Take as many classes as you can. I’m not saying you should burn yourself out because that’s the last thing you want. However, every extra class you take each semester accelerates your time to graduation – thus saving you money.

Want to save money in college, but think it’s impossible? Here are 27 ways to save money in college and still have a great time.

Consider community college. If you’re not certain what you want to major in, or you simply want to knock out a few basic courses, community college can save you thousands of dollars.

Save money every paycheck. Assuming you have a job, take a portion out of it each month and put it in a savings account. It doesn’t matter how much it is, just get in the habit of saving regularly. You can even use a tool like Digit to take small amounts out of your checking account to force you to save.

Use a coupon whenever you go out. You may not always find a discount, but use sites like Groupon, Living Social or even restaurants’ websites/social media channels for deals and discounts.

Don’t buy new. This is especially the case with decorating your apartment or dorm room. You pay a premium when you buy new. Buy used or even borrow from your parents or other family members to save money.

There are many other ways to save money in college; you just have to be creative and look for savings opportunities. Yes, you do want to enjoy your time in college, but you don’t need to spend a lot to do that.


What are some other ways to save money in college? What’s one thing you can’t believe you spent/bought in college? Do you think it’s important to work while in college?

If you enjoyed this post, please consider subscribing to the RSS feed.
The following two tabs change content below.
I'm the founder of Frugal Rules, a Dad, husband and veteran of the financial services industry. I'm passionate about helping people learn from my mistakes so that they can enjoy the freedom that comes from living frugally. I'm also a freelance writer, and regularly contribute to GoBankingRates, Investopedia, Lending Tree and more. If you're wanting to learn how to monetize your blog, check out my blog coaching services to see how I can help you take your site to the next level.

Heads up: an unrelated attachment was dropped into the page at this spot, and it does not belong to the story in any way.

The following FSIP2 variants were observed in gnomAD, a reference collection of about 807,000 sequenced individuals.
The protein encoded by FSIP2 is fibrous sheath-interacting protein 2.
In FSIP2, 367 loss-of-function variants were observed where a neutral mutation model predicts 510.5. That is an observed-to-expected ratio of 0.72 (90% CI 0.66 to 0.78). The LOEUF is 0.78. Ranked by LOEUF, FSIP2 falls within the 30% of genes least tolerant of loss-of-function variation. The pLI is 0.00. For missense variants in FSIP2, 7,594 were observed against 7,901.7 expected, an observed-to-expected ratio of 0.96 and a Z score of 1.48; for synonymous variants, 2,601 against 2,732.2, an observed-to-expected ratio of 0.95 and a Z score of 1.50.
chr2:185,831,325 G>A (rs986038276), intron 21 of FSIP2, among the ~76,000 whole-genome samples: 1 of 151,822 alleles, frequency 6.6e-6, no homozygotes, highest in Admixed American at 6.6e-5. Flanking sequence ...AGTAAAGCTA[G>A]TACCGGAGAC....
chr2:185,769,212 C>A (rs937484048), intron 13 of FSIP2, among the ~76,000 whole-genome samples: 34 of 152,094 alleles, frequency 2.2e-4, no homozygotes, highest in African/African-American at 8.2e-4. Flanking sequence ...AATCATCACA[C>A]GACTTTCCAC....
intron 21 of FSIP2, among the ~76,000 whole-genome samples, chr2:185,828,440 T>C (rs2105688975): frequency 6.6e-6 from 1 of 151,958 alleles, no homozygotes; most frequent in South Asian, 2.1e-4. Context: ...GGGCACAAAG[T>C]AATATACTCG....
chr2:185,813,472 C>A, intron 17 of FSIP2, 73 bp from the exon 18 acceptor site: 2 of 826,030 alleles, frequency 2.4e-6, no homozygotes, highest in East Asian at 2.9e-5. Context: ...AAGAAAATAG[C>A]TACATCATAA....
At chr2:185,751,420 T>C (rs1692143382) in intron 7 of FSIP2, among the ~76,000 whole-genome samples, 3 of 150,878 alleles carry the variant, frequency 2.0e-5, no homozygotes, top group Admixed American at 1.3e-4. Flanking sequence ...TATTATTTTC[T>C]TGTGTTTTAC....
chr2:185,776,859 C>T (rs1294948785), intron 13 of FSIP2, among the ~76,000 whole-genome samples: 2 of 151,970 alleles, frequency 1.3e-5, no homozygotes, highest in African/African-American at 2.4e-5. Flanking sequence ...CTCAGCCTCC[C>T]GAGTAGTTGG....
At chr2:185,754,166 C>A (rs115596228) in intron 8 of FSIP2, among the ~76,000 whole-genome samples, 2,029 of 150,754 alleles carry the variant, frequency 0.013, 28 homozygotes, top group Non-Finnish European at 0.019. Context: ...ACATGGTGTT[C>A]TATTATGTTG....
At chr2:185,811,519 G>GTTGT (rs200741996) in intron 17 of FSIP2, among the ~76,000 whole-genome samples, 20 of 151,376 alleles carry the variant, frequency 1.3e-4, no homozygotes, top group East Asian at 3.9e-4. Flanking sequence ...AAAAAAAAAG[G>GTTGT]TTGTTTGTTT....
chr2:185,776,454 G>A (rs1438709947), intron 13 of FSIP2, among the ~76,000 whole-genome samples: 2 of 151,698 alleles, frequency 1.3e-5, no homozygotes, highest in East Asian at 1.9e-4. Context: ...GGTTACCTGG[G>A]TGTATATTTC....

• I did a lot of these in college! I didn’t have a car for my first two years and managed to wait tables in my hometown any time I had a break. I really wish I had curbed the binge drinking, though. I probably would have left college with a much larger cushion of savings!

  • Lila says:

    I’m in college and do many of these. Although I do have a gym membership. Here in Omaha it only costs 21.39 with tax for the VIP at Blue Moon Fitness. =)

  • This is a smart list! I agree with everything on it. I overspent on everything during my college years. I wasn’t very good with money in my early 20s!

  • Great list! I did many of these things (though it’s been a long while). I worked throughout college in a work-study job and my wages went directly toward my tuition. I never saw a dime, but I think this really motivate me to follow through and do my best. So, even if I was out until 2 am, I still got up and went to class the next day!

  • I did a bunch of these. RA was definitely the easiest job I ever had.
    One thing I wish I’d done was keep applying for scholarships after you get there. I applied and got scholarships in high school, but didn’t keep it up once I was at school.

  • Even though I had a full scholarship to attend college, I still worked part-time. It really helped me pad my savings account.

  • Michelle says:

    Great list! In my home town, you were given free community college for 2 years if you volunteered for 50 hours. I did the volunteer work and qualified, but instead I went to a private university. I wasted so much money, UGH!

  • Great post! Interesting that they’re making the FAFSA available in October now. I remember filling it out with my parents on new years every year. I would add season tickets as a big expense. My school had a D1 football program and as a result the tickets were fairly pricy, but most students ended up not showing up to most games. I suspect a lot of schools are similar (unless you’re a Michigan or any of those big programs in the south). Most of the time, you could get tickets for half the price the week before a game.

    • John Schmoll says:

      I know, I remember doing the same exact thing. Great point, don’t know how I forgot that! I know my season tickets were at least several hundred dollars. Looking back, I’d still do it but there are certainly other things I’d cut.

  • Great tips John! College is definitely a time when saving money can pay off huge long-term. Now if only someone could solve the issue of increasing tuition rates….I can’t imagine how much it will cost my kids (who aren’t even born yet) to go to college!

Leave a Reply

Your email address will not be published. Required fields are marked *